"Gentlemen, this is the King of Spain. His birth calls him to the crown. The late king has recognized his right by his will. All the nation desires his succession, and has entreated it at my hands. It is the will of Heaven, to which I conform with satisfaction."

The Duke of Anjou was quite delighted in finding himself thus liberated from all the restraints of tutors and governors, and of being, in his boyhood, elevated to the dignity of a crowned king. As soon as these stately forms of etiquette were concluded, and he was alone with his brothers, he kicked up his heels and snapped his fingers, exclaiming with delight,

"So I am King of Spain. You, Burgoyne, will be King of France. And you, my poor Berri, are the only one who must live and die a subject."

The little prince replied, perhaps upon the principle that "the grapes were sour," perhaps because he had observed how little real happiness regal state had brought to his grandfather,

"That fact will not grieve me. I shall have less trouble and more pleasure than either of you. I shall enjoy the right of hunting both in France and Spain, and can follow a wolf from Paris to Madrid."

Preparations were immediately made for the departure of the boy-king to take possession of his Spanish throne and crown. The pomp-loving French king had decided to invest the occasion with great splendor. He regarded it as a signal stroke of policy, and a great victory on his part, that he had been enabled, notwithstanding the remonstrances of other nations, to place a French Bourbon prince upon the throne of Spain, thus virtually uniting the two nations. He thought he had thus extended the domain of France to the Straits of Gibraltar. "Henceforth," exclaimed Louis XIV., exultingly, "there are no more Pyrenees."

To his grandson, the new king, he said, "Be a good Spaniard, but never forget that you were born a Frenchman. Carefully maintain the union of the two nations. Thus only can you render them both happy."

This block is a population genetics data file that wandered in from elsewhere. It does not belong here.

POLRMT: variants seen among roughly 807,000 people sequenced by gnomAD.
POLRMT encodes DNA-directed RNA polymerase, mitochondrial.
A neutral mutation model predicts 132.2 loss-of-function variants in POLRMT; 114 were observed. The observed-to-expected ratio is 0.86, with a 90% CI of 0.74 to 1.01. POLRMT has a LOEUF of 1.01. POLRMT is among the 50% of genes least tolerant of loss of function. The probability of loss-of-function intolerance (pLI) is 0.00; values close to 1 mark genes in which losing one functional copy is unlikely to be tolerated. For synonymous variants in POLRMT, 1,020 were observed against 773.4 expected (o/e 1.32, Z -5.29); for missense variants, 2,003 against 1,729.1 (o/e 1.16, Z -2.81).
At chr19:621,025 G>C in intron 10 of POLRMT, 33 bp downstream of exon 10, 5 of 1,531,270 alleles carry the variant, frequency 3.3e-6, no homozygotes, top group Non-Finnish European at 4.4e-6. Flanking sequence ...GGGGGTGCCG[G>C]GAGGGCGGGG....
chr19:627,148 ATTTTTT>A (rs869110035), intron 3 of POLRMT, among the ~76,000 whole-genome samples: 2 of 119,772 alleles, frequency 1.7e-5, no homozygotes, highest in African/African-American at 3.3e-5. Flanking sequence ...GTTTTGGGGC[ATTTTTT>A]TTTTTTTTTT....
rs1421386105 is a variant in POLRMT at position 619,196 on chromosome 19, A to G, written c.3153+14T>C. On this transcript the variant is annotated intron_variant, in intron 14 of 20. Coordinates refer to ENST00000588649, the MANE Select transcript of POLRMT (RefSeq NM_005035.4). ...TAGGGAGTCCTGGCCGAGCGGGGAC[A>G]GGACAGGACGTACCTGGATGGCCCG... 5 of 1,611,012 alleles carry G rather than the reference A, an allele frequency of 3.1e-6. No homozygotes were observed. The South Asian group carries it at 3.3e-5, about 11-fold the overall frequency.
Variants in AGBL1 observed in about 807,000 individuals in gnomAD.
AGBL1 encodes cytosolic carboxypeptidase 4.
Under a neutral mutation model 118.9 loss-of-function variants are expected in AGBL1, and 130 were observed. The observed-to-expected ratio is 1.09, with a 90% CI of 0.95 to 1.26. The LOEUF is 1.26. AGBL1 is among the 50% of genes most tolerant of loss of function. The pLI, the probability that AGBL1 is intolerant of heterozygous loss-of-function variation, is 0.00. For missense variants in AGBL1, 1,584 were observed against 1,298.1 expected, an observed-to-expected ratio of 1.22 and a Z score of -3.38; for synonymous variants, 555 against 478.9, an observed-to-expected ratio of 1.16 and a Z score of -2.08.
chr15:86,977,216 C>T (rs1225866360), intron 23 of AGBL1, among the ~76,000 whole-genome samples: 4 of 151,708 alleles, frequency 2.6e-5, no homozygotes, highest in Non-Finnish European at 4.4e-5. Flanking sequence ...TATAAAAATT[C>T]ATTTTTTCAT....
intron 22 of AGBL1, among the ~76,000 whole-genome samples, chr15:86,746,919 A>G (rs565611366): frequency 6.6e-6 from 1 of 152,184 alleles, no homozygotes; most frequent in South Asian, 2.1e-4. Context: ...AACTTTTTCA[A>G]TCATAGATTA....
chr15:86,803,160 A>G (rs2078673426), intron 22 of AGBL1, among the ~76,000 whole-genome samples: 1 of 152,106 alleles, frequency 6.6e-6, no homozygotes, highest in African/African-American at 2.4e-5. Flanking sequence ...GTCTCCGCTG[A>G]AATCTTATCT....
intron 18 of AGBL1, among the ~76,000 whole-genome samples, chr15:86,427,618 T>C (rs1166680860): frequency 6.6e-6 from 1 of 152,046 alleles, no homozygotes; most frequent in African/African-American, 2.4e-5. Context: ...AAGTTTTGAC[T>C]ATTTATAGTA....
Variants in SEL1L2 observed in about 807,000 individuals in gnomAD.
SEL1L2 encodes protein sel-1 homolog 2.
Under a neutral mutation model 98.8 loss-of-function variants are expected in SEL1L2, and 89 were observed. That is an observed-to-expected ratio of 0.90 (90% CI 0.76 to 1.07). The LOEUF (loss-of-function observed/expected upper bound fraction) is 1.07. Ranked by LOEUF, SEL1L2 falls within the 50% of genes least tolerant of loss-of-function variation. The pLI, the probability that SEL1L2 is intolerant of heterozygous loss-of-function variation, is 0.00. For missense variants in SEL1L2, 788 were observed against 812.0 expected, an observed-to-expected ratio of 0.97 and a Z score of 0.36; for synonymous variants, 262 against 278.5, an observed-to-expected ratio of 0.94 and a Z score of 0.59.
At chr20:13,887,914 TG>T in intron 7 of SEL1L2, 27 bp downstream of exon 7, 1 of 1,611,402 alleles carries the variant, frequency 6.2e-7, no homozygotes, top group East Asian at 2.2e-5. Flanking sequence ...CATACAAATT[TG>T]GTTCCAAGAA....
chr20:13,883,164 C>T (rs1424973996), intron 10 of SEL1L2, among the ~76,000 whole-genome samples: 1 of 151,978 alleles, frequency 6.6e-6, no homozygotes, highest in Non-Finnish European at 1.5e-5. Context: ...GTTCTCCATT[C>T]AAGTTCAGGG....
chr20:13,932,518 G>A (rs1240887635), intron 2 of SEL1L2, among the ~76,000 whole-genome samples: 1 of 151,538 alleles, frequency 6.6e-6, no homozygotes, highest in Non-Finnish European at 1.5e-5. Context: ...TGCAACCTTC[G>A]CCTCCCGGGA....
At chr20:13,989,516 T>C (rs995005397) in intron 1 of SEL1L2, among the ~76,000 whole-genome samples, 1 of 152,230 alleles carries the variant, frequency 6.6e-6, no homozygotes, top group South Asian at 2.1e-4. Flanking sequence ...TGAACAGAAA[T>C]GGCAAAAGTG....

There was a final meeting of the royal family to take leave of the young monarch as he was departing for his realm. All the young nobility of France, with a numerous military escort, were to compose his brilliant retinue. The Duchess du Maine, the legitimatized daughter of Madame de Montespan, and thus the half brother of the dauphin, persuaded the dauphin to invite her mother to the palace on this occasion. Here occurred the last interview between the heartless king and his discarded favorite.

As the king made the tour of the room, he found himself opposite Madame de Montespan. She was greatly overcome by her emotions, and, pale and trembling, was near fainting. The king coldly and searchingly, for a moment, fixed his eye upon her, and then said, calmly,

"Madame, I congratulate you. You are still as handsome and attractive as ever. I hope that you are also happy."

The marchioness replied, "At this moment, sire, I am very happy, since I have the honor of presenting my respectful homage to your majesty."

The king, with his studied grace of courtesy, kissed her hand, and continued his progress around the circle. The monarch and his perhaps equally guilty victim never met again. She lived twenty-two years after her expulsion from the palace. They were twenty-two years of joylessness. Her confessor, who seems to have been a man of sincere piety, refused her absolution until she had written to her husband, the Marquis de Montespan, whom she had abandoned for the guilty love of the king, affirming her heartfelt repentance, imploring his forgiveness, and entreating him either to receive her back, or to order her to any place of residence which he should think proper. The indignant marquis replied that he would neither admit her to his house, nor prescribe for her any future rules of conduct, nor suffer her name ever again to be mentioned in his presence.

The reverend father compelled her, in atonement for her sins, to sit at a frugal table; to consecrate her vast wealth to objects of benevolence; to wear haircloth next her skin, and around her waist a girdle with sharp points, which lacerated her body at every movement. She was also daily employed in making garments of the coarsest materials with her own hands for the sick in the hospitals, and for the poor in their squalid homes.

The guilty marchioness was dreadfully afraid of death. Every night a careful guard of women watched her bedside. In a thunder-storm she would take an infant in her lap, that the child's innocence might be her protection. In the night of the 26th of May, 1707, she was attacked in her bed by very distressing suffocation. One of her sons, the Marquis of Antin, was immediately sent for. He found his mother insensible. Seizing a casket which contained her jewels, he demanded of an attendant the key. It was suspended around the neck of his dying mother, where she ever wore it. The young man went to the bedside, tore away the lace which veiled his mother's bosom, seized the key, unlocked the casket, emptied its contents into his pockets, descended to his carriage, and hurried away with the treasure, leaving his mother to die without a relative to close her eyes. An hour after she breathed her last.